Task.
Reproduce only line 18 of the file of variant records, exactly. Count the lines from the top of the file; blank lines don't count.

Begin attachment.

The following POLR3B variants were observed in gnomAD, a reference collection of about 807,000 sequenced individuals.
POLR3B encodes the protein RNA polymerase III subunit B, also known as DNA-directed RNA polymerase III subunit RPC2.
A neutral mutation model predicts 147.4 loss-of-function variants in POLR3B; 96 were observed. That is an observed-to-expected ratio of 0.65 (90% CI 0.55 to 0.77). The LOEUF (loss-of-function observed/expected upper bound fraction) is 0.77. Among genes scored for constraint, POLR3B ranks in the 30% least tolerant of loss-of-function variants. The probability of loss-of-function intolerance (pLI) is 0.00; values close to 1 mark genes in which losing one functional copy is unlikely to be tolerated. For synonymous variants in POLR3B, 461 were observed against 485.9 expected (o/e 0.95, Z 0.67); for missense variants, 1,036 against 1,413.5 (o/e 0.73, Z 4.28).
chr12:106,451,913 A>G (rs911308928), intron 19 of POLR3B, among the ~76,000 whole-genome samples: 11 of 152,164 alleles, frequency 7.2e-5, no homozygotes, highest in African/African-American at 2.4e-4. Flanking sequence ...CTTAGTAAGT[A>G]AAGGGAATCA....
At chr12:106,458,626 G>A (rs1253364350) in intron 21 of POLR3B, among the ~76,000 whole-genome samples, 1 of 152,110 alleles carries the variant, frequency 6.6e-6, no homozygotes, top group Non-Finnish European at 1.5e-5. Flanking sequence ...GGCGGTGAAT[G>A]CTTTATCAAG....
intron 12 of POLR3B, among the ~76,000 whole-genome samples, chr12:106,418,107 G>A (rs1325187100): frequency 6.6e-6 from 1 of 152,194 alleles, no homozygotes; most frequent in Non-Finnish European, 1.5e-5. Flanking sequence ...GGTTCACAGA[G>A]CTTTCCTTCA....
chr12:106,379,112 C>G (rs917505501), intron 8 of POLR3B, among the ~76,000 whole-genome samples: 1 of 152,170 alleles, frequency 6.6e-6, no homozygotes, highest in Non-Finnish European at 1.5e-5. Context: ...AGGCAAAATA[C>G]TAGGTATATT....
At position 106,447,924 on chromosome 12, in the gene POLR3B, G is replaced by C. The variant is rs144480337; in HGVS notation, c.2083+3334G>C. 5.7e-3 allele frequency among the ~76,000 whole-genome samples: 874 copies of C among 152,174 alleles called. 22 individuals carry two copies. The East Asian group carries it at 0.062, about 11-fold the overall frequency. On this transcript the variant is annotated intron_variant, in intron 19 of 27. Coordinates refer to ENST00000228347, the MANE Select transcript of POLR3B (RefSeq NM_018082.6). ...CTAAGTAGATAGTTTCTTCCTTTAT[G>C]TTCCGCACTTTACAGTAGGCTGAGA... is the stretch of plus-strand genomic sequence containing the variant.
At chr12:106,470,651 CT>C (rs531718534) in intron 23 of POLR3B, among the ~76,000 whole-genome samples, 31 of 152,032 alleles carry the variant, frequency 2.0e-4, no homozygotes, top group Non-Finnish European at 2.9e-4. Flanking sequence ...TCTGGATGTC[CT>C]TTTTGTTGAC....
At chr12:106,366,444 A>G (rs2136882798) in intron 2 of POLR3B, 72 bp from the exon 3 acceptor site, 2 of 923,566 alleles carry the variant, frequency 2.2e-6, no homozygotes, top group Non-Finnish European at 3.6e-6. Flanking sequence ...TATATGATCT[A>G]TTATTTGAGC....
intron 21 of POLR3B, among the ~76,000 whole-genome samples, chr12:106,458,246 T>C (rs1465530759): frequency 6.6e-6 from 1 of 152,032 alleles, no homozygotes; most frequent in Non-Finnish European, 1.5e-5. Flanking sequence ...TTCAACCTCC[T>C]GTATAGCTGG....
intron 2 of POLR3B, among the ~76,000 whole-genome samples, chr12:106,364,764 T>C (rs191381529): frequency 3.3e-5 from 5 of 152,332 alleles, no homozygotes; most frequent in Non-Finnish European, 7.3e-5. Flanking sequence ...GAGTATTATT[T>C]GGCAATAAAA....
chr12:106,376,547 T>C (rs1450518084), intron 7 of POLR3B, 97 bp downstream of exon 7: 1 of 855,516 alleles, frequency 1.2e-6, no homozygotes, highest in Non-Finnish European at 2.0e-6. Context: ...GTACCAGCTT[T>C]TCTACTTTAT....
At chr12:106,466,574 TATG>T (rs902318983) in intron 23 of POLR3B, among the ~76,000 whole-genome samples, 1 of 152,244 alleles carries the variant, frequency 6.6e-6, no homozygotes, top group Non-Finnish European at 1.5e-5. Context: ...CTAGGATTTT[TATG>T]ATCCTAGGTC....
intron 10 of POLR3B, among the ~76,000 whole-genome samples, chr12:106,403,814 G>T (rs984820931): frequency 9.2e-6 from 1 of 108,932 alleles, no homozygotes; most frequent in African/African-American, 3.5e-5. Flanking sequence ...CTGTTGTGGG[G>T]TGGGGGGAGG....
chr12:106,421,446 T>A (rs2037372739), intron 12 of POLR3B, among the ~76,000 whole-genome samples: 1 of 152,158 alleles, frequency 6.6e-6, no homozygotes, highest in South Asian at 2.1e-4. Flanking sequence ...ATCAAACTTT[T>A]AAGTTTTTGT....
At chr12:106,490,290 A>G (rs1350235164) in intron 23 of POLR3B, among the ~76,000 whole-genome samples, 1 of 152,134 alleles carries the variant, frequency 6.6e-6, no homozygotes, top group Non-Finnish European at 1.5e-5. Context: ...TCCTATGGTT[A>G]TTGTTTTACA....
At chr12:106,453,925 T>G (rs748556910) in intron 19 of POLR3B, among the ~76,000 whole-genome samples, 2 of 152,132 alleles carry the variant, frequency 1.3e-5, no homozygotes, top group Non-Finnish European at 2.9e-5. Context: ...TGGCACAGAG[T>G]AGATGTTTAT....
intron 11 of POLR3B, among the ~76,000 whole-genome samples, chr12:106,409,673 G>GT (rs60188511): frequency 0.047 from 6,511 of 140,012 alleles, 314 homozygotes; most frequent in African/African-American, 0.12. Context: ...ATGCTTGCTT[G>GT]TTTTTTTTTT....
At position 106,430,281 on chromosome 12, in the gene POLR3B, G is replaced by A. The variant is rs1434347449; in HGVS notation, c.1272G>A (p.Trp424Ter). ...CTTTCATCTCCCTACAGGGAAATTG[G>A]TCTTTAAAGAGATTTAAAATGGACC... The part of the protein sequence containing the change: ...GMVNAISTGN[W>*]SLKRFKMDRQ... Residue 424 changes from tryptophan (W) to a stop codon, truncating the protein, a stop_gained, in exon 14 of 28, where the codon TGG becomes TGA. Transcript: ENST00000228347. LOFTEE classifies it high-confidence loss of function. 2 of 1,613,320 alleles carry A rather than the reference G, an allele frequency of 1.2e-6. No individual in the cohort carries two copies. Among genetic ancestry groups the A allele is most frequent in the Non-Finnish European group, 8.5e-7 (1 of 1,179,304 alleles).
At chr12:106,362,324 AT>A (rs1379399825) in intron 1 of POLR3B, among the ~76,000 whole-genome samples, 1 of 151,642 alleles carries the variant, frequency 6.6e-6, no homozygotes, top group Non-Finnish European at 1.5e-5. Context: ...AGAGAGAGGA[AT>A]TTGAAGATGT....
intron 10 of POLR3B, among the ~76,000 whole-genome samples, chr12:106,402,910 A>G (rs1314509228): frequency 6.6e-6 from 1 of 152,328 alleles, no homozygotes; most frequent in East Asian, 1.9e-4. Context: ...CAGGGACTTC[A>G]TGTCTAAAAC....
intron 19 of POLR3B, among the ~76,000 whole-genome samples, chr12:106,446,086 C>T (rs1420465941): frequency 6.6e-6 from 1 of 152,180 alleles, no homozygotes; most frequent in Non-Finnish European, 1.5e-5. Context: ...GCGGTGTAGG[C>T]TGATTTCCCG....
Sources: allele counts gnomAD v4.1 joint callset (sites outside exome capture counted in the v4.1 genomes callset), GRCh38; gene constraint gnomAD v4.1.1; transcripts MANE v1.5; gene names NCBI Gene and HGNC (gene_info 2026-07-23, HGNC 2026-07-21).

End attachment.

At chr12:106,453,925 T>G (rs748556910) in intron 19 of POLR3B, among the ~76,000 whole-genome samples, 2 of 152,132 alleles carry the variant, frequency 1.3e-5, no homozygotes, top group Non-Finnish European at 2.9e-5. Context: ...TGGCACAGAG[T>G]AGATGTTTAT....